In 2019, cloud-security platform sales became a $460 million industry. IT managers like cloud-based security because it allows for growth at scale, better performance, and offers faster regulatory compliance. With the shortage of security professionals, it only makes sense to have a cloud-based platform to help carry the workload.
Trend: Look for a wave of companies of all sizes to move workplace security operations into the cloud in the next year. Kaspersky Lab estimates that 75% of all companies will have cloud-based security in the next few years.
Visitor management will play a bigger role in security
While the media focuses attention on cybercrime and the effect on security, we can’t ignore the reality of the need for physical security in our workplaces. Knowing who is in the building every minute is vital not only for physical safety but for corporate compliance as well. Physical security is a job that needs to be taken seriously. And yet, over a third of companies trust their entire company’s security to the front desk receptionist. Think carefully:
Is your receptionist trained as a security professional?
Do they have any experience in protecting people from intruders?
Do they have the tools and knowledge to ensure that sensitive data and intellectual property doesn’t leave the building?
Can they ensure compliance with governmental agencies as visitors sign in and out?
Does your receptionist know they’re responsible for so much?
Physical security is a crucial job, but few give it the gravity it deserves. According to our study, 98% of respondents have some form of visitor check-in and identification system in place.
Digital visitor management is much more than a sign-in book. It’s a system that enables front-desk personnel to help you meet your security and compliance goals, keeping sensitive information private, and screening out individuals who might be on a blocked list. Visitor management is also a way to integrate digital and physical security. 97% of respondents said that this link is imperative to complete security, and almost the same number will implement such integrations in the coming year.
Trend: Companies will turn to digital visitor management solutions to help close the gap between their physical and digital security systems.
Cybersecurity budgets will increase even more
With all of the data breaches and phishing attacks in the news lately, more people are becoming aware of and educated about workplace security. As a result, companies are working harder to protect themselves and their customers with increased spending on security infrastructure.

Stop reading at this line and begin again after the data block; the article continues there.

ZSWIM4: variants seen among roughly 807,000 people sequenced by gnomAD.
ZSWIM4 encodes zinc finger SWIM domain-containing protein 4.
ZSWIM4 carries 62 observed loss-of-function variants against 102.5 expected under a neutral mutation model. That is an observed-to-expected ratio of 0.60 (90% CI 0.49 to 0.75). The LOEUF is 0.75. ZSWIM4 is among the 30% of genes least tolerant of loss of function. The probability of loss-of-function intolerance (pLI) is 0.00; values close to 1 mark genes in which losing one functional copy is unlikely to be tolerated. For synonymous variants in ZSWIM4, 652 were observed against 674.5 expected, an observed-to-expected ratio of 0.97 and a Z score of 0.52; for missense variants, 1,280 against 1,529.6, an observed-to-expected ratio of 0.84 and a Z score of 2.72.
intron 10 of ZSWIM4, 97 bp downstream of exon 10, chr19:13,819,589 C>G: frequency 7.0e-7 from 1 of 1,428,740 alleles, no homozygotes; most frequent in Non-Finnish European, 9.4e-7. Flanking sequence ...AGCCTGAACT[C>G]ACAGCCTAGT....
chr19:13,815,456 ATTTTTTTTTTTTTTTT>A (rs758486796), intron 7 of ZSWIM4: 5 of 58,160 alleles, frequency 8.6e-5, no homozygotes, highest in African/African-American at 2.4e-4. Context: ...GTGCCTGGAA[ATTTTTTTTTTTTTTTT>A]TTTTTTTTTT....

In our Workplace Security 2020 Report, we learned that 99% of the companies surveyed plan to increase spending on data security, data storage, visitor management, and integrated systems. A Gartner report’s findings a year ago predicted that globally, companies will spend 50% of their annual cybersecurity budgets on security.
A word of caution, however, to SMBs that may think they’re too small to be hit by a cyber attack: think again. There is an enormous gap between the number of SMB CEOs who believe they’ll be attacked (7%) and the number that are — 67% in the past year. The message is crystal clear. No company is too small to be targeted. 2020 is the year to bring in dedicated cybersecurity staff and write an emergency response plan.
Trend: Workplace security will become a priority budget item with even more spend than in 2019, no matter what size the business.
These are just a few of the trends to keep an eye on in the coming year and beyond. Cybercrime and the need for increased regulatory compliance, coupled with a severe shortage of trained security professionals, will shape the landscape of workplace technology. It’ll change the way we think about the people we entrust security to, and make us all look for innovative ways to help the ongoing struggle to keep our workplaces and data safe.
Discover best practices for protecting your people, property, and ideas. Watch our workplace security webinar to get started.